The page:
One For The Road

Previewed 3 July 2001, Opened 4 July 2001, Closed 7 July 2001 at the Ambassadors Theatre - late evening performances

The Gate Theatre Dublin presents Harold Pinter in his play One For The Road in London for a strictly limited one week season

In an unnamed police state a torturer confronts his victims and reveals his own brutal craving for approval; a work of devasting moral force.

A unique opportunity to see Harold Pinter perform the first of his overtly political plays of the eighties. One For The Road will be part of the Gate Theatre's contribution to a major celebration of the author's work being held at the Lincoln Center Festival in New York in July 2001

The cast features Harold Pinter wirh Indira Varma, Lloyd Hutchinson and Rory Copus. Directed by Robin Lefevre with designs by Liz Ascroft and lighting by Mick Hughes.

"Robin Lefevreís production from Dublinís Gate Theatre offers plenty of brooding, still moments which ask for your rapt contemplation of the drama ó even to the extent of making you want to take out distracting coughers in the audience and shoot them. But this tends to highlight the fact that Pinter seems content simply to show, rather than explore more deeply, the uses and abuses of authority. Dramatically, too, the play disappoints. Itís too much of a one-sided contest. Nicolas is such an overwhelmingly dominant presence and his victims so helpless that the cruel games he plays with them almost seem superfluous. Thereís too little tension ó Pinterís sense of menace seems much greater when contained in the domestic surroundings of The Caretaker or Stanley being interrogated in the seaside boarding house of The Birthday Party." The Times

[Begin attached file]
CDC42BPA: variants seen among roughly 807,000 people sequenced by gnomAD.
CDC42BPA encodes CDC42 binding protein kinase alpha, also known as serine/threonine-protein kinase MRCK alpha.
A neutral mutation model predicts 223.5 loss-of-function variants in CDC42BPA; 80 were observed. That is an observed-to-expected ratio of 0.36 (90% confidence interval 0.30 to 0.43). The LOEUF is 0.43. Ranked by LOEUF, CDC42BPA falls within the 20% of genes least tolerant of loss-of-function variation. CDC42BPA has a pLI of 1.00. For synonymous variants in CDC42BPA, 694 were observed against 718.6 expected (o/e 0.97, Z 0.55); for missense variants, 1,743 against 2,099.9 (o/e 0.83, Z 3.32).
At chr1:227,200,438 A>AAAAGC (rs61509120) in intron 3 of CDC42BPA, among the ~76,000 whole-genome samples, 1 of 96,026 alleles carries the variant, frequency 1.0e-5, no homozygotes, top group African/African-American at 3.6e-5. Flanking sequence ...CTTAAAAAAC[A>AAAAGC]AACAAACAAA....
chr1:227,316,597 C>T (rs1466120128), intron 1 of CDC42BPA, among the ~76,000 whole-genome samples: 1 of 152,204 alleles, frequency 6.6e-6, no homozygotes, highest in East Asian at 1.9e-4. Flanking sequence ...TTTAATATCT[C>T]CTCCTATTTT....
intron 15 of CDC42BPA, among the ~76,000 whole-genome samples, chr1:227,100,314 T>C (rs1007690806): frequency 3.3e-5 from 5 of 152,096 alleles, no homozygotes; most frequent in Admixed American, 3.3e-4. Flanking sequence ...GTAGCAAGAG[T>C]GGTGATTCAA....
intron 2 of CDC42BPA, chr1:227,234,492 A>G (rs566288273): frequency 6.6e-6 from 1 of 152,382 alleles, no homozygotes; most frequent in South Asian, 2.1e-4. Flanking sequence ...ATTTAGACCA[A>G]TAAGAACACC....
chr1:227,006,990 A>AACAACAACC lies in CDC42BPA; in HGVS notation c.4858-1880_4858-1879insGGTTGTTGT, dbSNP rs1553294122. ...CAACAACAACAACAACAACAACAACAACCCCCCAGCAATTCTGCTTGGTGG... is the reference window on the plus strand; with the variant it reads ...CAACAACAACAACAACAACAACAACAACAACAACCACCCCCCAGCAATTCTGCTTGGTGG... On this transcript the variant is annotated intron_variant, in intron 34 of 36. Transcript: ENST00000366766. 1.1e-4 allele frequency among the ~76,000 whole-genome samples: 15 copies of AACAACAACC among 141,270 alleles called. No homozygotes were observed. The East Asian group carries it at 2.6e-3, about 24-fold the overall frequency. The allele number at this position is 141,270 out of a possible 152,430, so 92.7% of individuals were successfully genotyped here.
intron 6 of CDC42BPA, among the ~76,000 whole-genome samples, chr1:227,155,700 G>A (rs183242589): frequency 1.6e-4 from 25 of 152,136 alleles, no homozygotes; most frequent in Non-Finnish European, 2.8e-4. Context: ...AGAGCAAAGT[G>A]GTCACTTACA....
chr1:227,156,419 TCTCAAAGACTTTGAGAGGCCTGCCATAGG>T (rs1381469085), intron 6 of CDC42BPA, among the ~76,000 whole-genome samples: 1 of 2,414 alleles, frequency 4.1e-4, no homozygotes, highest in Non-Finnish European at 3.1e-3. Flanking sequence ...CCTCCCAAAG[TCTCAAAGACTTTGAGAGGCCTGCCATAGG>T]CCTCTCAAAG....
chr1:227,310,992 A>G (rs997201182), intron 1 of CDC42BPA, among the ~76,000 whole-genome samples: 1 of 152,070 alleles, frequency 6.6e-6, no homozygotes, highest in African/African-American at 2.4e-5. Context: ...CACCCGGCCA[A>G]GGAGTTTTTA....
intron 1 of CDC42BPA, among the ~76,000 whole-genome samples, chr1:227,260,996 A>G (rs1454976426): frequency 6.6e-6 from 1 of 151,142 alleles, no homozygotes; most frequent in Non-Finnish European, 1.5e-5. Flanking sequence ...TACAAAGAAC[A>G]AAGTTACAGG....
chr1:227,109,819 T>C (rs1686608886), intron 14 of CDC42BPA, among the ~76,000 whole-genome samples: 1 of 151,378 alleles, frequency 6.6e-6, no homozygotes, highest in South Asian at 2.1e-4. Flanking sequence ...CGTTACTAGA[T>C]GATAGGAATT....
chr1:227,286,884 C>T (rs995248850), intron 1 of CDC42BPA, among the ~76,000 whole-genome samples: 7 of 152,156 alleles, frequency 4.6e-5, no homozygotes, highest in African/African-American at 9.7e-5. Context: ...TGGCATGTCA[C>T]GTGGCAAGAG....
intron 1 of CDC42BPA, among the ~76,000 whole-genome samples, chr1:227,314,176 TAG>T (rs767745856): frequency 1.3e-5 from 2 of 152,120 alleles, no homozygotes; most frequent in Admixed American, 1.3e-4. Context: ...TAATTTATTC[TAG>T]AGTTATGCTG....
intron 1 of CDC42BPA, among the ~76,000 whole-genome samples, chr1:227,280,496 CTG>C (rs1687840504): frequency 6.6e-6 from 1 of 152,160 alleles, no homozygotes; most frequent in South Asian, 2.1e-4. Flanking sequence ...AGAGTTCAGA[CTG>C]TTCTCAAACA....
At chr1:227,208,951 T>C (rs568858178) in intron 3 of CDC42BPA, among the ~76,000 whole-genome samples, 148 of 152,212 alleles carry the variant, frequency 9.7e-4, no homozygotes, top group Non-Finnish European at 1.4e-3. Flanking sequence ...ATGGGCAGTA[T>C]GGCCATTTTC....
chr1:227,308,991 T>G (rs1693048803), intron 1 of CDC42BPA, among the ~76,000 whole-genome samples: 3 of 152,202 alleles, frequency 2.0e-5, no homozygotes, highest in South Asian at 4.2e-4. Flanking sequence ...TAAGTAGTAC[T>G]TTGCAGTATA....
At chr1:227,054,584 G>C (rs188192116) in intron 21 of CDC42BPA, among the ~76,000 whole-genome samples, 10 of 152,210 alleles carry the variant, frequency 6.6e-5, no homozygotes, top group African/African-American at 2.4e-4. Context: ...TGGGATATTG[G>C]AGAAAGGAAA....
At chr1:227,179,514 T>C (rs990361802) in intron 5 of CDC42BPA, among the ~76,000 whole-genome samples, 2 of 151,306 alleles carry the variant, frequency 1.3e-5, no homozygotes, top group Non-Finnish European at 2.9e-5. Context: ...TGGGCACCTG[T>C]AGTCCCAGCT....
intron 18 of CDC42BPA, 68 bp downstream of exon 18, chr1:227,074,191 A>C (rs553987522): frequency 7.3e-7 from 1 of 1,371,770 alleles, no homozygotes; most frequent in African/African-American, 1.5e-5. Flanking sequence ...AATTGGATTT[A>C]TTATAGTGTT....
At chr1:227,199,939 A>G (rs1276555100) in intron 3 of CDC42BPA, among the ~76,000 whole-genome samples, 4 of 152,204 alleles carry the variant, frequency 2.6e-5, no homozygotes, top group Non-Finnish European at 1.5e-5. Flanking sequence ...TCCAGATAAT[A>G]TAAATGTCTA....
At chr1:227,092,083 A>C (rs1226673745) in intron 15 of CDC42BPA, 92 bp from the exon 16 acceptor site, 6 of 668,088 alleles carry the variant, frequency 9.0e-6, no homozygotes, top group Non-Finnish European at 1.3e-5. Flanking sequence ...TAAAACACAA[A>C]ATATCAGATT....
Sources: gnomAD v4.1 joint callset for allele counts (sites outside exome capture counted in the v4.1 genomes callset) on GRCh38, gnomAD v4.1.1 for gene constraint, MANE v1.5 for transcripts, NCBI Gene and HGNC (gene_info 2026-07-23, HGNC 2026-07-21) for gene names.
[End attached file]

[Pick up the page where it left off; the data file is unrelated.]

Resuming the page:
"The heaviest gig in town - and, at 40 minutes long, probably the shortest - has to be Harold Pinter's one-act scorcher written in 1985, One For The Road. It's a nasty play about a nasty subject - torture. Pinter himself plays Nicolas, a high-ranking government official in an unnamed dictatorship who interviews, separately, three members of one dissident family: Victor, his wife Gila, and their seven-year-old son, Nicky... For all its cruelties and its glaring political agenda, the play grips because Pinter uses conversation itself as an art of war (the most frightening Gestapo officers in war films were always the superficially polite ones). Expertly directed by Robin Lefevre, you leave the theatre feeling a combination of shock, anger and sheer relief." The Daily Express

One For The Road in London at the Ambassadors Theatre previewed from 3 July 2001, opened on 4 July 2001 and closed on 7 July 2001